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Ford’s newest models won’t just run on hot air

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Ford CEO Jim Hackett has had several testy exchanges with Wall Street analysts, canceled a capital markets event and pushed back a profit target. Ford’s shares have shed more than one-third of their price this year to levels last seen in 2009.
(Rena Laverty / European Pressphoto Agency)
Bloomberg

Technology investors like company CEOs to sound farsighted and a little quixotic. Gnomic statements are interpreted as a sign of rare and profound wisdom that some day will deliver vast riches for the true believers. Sadly for Ford Motor Co. boss Jim Hackett, shareholders in the car industry aren’t nearly so credulous – nor patient.

Hackett hung out with Silicon Valley types during his two decades running Steelcase Inc., an office furniture company. You can thank that company for popularizing today’s open-plan offices. The Ford chief’s residual fondness for big ideas is reflected in his sometimes baffling lexicon, which includes whizzy concepts such as “design-thinking,” “[business] fitness,” “energy rooms” and the “now, near, far clock.”

So far investors haven’t warmed to his approach. During his 18-month tenure, Hackett has had several testy exchanges with Wall Street analysts, canceled a capital markets event and pushed back a profit target. Ford’s shares have shed more than one-third of their price this year to levels last seen in 2009.

To get investors singing a more upbeat tune in 2019, Hackett needs to translate the fancy talk into concrete, value-creating action – something General Motors boss Mary Barra has done better lately.

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In fairness, even someone with decades of experience in automaking would blanch at the challenge Hackett has taken on. While Ford’s trucks, vans and finance units are in decent shape, much of the rest has been struggling for a while. The company makes almost all of its profit in North America and its previous management was too slow to restructure overseas units and cut car models that don’t cover their cost of capital.

It’s not an easy course. France’s finance minister gave a hint of the unpleasantness facing Hackett when he described Ford’s decision to close a French gearbox plant as a “betrayal.” Hackett has announced a group-wide $11 billion restructuring but he’s been slow to spell out what this will involve. Though painful for employees, he shouldn’t delay wielding the ax too long.

Ford’s China sales have gone into a tailspin, putting pressure on cash flow, and sterling’s Brexit-related weakness has weighed on its once-thriving U.K. business. President Trump’s steel tariffs don’t help.

The stock offers a more than 7% dividend yield, which suggests the payout is becoming unaffordable. (Morgan Stanley analyst Adam Jonas thinks it will be cut by half next year; Ford says there’s no need.) There are worries too about whether Ford will keep its investment-grade credit rating, which supports profit at its finance arm. Hence two-thirds of the analysts who cover Ford have a hold recommendation, indicating they don’t see reason to buy the stock even at depressed levels.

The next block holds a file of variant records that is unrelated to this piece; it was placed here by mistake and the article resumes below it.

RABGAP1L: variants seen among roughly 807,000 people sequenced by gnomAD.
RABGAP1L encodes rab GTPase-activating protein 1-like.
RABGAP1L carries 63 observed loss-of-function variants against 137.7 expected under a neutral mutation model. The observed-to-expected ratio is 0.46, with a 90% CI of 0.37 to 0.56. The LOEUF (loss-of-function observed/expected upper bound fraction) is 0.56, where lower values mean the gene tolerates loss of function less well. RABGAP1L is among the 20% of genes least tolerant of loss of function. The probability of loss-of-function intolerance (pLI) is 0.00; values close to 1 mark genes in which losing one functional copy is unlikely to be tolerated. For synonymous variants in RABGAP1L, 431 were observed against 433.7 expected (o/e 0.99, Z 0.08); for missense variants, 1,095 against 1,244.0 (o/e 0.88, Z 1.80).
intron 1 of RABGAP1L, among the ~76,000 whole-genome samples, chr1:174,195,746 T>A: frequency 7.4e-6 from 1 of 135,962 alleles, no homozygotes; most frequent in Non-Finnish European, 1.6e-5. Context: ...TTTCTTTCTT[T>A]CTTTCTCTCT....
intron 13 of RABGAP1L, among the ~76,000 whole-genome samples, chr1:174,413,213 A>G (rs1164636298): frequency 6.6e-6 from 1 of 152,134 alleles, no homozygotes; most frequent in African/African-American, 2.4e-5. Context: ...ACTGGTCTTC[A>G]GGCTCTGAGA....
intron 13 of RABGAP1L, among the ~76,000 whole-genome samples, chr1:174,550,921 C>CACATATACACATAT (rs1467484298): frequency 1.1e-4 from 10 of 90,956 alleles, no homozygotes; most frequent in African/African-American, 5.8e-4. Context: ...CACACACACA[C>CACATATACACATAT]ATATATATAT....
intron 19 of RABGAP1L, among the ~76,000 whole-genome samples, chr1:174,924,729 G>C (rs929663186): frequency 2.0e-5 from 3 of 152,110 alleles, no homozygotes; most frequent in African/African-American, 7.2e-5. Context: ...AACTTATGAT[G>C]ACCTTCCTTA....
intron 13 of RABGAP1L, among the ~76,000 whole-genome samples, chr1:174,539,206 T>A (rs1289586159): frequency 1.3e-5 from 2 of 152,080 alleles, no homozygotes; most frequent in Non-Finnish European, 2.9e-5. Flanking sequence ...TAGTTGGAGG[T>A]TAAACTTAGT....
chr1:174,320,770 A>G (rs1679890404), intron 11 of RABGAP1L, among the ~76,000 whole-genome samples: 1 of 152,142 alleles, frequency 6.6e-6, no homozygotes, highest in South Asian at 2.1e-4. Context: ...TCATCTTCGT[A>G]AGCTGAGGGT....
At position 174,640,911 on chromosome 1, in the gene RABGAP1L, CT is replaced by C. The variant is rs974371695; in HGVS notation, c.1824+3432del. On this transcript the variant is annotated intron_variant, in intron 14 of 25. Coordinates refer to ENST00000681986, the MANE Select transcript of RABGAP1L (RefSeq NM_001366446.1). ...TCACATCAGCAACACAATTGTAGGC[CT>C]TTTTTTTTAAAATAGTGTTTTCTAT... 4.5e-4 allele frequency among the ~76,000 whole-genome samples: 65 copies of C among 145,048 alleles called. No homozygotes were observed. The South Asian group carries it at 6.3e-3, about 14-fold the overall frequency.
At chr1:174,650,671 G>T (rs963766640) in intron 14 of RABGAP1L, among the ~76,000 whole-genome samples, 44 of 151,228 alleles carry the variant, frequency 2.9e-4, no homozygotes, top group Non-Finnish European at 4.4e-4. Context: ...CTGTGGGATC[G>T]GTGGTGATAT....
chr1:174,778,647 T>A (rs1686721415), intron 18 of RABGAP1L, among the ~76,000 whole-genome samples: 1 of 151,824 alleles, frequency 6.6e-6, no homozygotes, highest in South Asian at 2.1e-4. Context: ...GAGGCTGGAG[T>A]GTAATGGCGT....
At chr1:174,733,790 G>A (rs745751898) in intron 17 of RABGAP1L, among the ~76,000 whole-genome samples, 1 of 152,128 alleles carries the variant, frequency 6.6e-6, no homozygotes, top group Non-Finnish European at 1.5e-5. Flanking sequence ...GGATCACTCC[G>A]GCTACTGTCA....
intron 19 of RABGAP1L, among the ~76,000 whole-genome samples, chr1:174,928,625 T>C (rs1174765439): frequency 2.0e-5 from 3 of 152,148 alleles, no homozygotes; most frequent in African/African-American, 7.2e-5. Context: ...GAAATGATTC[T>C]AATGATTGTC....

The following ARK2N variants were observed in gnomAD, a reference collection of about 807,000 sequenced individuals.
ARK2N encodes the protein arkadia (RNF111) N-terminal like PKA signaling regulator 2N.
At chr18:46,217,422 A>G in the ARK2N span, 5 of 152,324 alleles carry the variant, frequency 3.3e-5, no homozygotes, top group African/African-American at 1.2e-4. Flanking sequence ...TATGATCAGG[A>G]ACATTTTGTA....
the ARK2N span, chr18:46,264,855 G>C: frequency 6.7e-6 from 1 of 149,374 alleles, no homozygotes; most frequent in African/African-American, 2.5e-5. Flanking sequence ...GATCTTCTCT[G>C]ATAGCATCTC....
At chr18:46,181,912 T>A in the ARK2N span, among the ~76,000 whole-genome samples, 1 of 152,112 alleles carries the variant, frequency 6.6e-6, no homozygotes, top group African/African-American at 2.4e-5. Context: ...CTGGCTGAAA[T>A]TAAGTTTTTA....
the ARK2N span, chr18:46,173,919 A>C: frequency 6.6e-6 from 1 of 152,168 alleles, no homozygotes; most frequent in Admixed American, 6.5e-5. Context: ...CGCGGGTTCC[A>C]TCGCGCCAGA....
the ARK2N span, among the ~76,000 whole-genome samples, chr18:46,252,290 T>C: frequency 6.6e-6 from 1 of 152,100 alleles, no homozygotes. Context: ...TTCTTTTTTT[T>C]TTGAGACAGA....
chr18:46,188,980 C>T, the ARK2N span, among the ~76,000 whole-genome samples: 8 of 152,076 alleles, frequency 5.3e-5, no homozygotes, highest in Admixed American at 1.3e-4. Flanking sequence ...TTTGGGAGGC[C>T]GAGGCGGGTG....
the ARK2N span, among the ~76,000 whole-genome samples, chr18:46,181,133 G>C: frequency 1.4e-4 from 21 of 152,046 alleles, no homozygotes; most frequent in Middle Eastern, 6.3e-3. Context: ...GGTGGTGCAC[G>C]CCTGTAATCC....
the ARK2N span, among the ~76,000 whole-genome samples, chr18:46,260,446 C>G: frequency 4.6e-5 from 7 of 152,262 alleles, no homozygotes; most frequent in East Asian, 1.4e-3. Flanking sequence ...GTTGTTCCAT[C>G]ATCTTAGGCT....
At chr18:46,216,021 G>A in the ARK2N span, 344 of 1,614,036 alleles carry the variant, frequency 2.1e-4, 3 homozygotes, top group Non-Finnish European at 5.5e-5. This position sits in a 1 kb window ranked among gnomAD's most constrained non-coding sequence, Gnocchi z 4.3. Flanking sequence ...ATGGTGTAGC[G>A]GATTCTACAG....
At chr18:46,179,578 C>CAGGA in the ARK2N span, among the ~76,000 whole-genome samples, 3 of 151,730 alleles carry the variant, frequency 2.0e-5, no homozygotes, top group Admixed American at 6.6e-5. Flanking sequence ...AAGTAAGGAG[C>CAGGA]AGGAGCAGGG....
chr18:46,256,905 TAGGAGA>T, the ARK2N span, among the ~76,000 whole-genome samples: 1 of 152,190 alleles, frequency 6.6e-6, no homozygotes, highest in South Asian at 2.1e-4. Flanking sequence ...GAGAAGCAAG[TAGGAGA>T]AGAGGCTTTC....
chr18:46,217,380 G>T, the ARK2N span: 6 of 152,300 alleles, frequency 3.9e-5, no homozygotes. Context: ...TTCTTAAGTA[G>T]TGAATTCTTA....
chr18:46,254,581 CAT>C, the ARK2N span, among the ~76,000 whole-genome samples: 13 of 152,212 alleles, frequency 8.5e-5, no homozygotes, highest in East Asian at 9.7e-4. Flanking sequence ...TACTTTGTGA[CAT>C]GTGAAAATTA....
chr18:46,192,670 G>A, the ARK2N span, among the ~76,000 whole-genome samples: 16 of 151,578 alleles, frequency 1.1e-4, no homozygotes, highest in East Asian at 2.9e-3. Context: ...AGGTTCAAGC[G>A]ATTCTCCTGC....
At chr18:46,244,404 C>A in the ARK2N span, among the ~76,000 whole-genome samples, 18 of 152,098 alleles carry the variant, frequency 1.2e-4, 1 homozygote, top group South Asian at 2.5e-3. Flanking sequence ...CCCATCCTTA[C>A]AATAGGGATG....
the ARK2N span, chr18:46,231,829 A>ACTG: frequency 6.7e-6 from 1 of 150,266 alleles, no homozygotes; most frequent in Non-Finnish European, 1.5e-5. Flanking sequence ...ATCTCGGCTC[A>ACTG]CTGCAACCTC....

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Ford’s market value is less than the much smaller, historically cash-burning Tesla Inc. If Uber Technologies Inc. goes public next year, its bankers hope to secure a $120-billion valuation, almost four times Ford’s worth. Somehow Hackett needs to show that Ford isn’t about to be pushed aside by these young pretenders. He can start by providing clarity on his restructuring plan. But there are other, more positive, levers he can pull.

One is securing a partnership with Germany’s Volkswagen AG to cut costs in manufacturing and technology development, as Bloomberg has reported is under discussion. The two carmakers have complementary strengths and weaknesses. VW lags in trucks but has a more advanced electric vehicle platform, for example. It’s conceivable that together they could boost plant use, most probably starting with commercial vans.

Another prize would be for Ford to secure outside investors, perhaps including VW, for its Argo AI autonomous driving unit. GM’s Cruise unit managed to do so by winning investment from SoftBank Group Corp. and Honda Motor Co. Ltd. Something similar at Ford would let shareholders ascribe a value to its big investments in this area. Honda’s cash valued Cruise at $14.6 billion.

Finally, Ford needs to fix its China business, and fast. Sales there have plunged by one-third this year, in part because of its failure to understand local tastes. The company has appointed a new China chief and a slate of new models should help.

None of this will suddenly land Ford a Tesla-like stock multiple, of course. But they might help make 2019 a year to remember, rather than one Ford’s “ideas man” boss would rather forget.

Bryant writes a column for Bloomberg.


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